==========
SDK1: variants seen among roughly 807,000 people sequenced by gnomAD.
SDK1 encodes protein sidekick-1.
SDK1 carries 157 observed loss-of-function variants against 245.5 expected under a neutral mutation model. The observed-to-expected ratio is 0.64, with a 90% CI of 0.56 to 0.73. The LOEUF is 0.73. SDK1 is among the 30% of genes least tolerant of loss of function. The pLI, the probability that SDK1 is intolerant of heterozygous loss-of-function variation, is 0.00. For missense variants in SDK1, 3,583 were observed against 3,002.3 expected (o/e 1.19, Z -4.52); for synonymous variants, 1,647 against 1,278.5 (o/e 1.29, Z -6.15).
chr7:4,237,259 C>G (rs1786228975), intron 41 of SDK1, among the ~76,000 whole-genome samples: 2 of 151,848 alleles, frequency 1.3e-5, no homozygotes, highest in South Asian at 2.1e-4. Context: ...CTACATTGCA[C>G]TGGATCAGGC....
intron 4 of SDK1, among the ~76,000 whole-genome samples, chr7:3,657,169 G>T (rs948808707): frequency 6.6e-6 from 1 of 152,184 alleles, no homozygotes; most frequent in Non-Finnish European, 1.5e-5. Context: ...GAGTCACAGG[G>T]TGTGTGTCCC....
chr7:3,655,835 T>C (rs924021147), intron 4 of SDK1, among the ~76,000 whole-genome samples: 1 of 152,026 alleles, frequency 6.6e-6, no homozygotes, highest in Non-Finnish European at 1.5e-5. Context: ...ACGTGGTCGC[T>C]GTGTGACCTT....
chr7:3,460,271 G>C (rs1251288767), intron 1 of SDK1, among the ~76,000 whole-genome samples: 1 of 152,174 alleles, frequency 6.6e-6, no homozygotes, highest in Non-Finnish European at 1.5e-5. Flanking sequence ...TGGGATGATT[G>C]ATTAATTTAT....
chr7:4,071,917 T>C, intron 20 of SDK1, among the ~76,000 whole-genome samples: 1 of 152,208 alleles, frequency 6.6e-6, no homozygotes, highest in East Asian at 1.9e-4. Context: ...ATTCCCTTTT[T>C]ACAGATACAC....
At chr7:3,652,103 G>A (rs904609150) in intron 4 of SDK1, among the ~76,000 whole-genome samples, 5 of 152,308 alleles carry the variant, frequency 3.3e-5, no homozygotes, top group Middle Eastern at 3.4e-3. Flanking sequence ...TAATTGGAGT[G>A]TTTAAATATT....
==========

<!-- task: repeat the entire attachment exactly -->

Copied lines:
SDK1: variants seen among roughly 807,000 people sequenced by gnomAD.
SDK1 encodes protein sidekick-1.
SDK1 carries 157 observed loss-of-function variants against 245.5 expected under a neutral mutation model. The observed-to-expected ratio is 0.64, with a 90% CI of 0.56 to 0.73. The LOEUF is 0.73. SDK1 is among the 30% of genes least tolerant of loss of function. The pLI, the probability that SDK1 is intolerant of heterozygous loss-of-function variation, is 0.00. For missense variants in SDK1, 3,583 were observed against 3,002.3 expected (o/e 1.19, Z -4.52); for synonymous variants, 1,647 against 1,278.5 (o/e 1.29, Z -6.15).
chr7:4,237,259 C>G (rs1786228975), intron 41 of SDK1, among the ~76,000 whole-genome samples: 2 of 151,848 alleles, frequency 1.3e-5, no homozygotes, highest in South Asian at 2.1e-4. Context: ...CTACATTGCA[C>G]TGGATCAGGC....
intron 4 of SDK1, among the ~76,000 whole-genome samples, chr7:3,657,169 G>T (rs948808707): frequency 6.6e-6 from 1 of 152,184 alleles, no homozygotes; most frequent in Non-Finnish European, 1.5e-5. Context: ...GAGTCACAGG[G>T]TGTGTGTCCC....
chr7:3,655,835 T>C (rs924021147), intron 4 of SDK1, among the ~76,000 whole-genome samples: 1 of 152,026 alleles, frequency 6.6e-6, no homozygotes, highest in Non-Finnish European at 1.5e-5. Context: ...ACGTGGTCGC[T>C]GTGTGACCTT....
chr7:3,460,271 G>C (rs1251288767), intron 1 of SDK1, among the ~76,000 whole-genome samples: 1 of 152,174 alleles, frequency 6.6e-6, no homozygotes, highest in Non-Finnish European at 1.5e-5. Flanking sequence ...TGGGATGATT[G>C]ATTAATTTAT....
chr7:4,071,917 T>C, intron 20 of SDK1, among the ~76,000 whole-genome samples: 1 of 152,208 alleles, frequency 6.6e-6, no homozygotes, highest in East Asian at 1.9e-4. Context: ...ATTCCCTTTT[T>C]ACAGATACAC....
At chr7:3,652,103 G>A (rs904609150) in intron 4 of SDK1, among the ~76,000 whole-genome samples, 5 of 152,308 alleles carry the variant, frequency 3.3e-5, no homozygotes, top group Middle Eastern at 3.4e-3. Flanking sequence ...TAATTGGAGT[G>A]TTTAAATATT....